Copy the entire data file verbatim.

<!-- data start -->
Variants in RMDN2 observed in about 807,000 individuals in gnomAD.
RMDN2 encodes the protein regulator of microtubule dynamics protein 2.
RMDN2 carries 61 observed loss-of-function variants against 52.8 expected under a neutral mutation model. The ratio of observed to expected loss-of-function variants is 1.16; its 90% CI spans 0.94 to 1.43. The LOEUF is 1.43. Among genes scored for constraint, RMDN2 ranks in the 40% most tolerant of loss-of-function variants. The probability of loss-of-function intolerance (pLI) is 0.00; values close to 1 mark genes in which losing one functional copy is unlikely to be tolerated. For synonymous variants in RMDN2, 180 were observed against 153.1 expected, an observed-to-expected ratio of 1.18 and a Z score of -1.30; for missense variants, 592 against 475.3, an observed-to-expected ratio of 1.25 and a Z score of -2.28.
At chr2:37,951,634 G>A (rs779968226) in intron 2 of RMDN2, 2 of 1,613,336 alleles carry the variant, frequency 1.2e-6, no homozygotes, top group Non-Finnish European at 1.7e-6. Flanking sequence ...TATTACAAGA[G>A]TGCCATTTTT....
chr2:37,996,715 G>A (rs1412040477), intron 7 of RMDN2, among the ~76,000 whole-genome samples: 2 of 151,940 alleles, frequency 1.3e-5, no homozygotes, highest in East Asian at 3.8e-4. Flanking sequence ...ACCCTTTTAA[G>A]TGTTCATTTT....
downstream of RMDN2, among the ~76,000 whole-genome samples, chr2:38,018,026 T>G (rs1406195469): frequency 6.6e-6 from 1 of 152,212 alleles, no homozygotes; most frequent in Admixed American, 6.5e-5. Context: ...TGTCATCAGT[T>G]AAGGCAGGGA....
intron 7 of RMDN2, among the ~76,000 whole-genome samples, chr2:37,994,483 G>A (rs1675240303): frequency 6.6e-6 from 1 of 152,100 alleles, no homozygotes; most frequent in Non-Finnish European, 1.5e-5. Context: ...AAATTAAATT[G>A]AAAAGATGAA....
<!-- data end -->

Variants in RMDN2 observed in about 807,000 individuals in gnomAD.
RMDN2 encodes the protein regulator of microtubule dynamics protein 2.
RMDN2 carries 61 observed loss-of-function variants against 52.8 expected under a neutral mutation model. The ratio of observed to expected loss-of-function variants is 1.16; its 90% CI spans 0.94 to 1.43. The LOEUF is 1.43. Among genes scored for constraint, RMDN2 ranks in the 40% most tolerant of loss-of-function variants. The probability of loss-of-function intolerance (pLI) is 0.00; values close to 1 mark genes in which losing one functional copy is unlikely to be tolerated. For synonymous variants in RMDN2, 180 were observed against 153.1 expected, an observed-to-expected ratio of 1.18 and a Z score of -1.30; for missense variants, 592 against 475.3, an observed-to-expected ratio of 1.25 and a Z score of -2.28.
At chr2:37,951,634 G>A (rs779968226) in intron 2 of RMDN2, 2 of 1,613,336 alleles carry the variant, frequency 1.2e-6, no homozygotes, top group Non-Finnish European at 1.7e-6. Flanking sequence ...TATTACAAGA[G>A]TGCCATTTTT....
chr2:37,996,715 G>A (rs1412040477), intron 7 of RMDN2, among the ~76,000 whole-genome samples: 2 of 151,940 alleles, frequency 1.3e-5, no homozygotes, highest in East Asian at 3.8e-4. Flanking sequence ...ACCCTTTTAA[G>A]TGTTCATTTT....
downstream of RMDN2, among the ~76,000 whole-genome samples, chr2:38,018,026 T>G (rs1406195469): frequency 6.6e-6 from 1 of 152,212 alleles, no homozygotes; most frequent in Admixed American, 6.5e-5. Context: ...TGTCATCAGT[T>G]AAGGCAGGGA....
intron 7 of RMDN2, among the ~76,000 whole-genome samples, chr2:37,994,483 G>A (rs1675240303): frequency 6.6e-6 from 1 of 152,100 alleles, no homozygotes; most frequent in Non-Finnish European, 1.5e-5. Context: ...AAATTAAATT[G>A]AAAAGATGAA....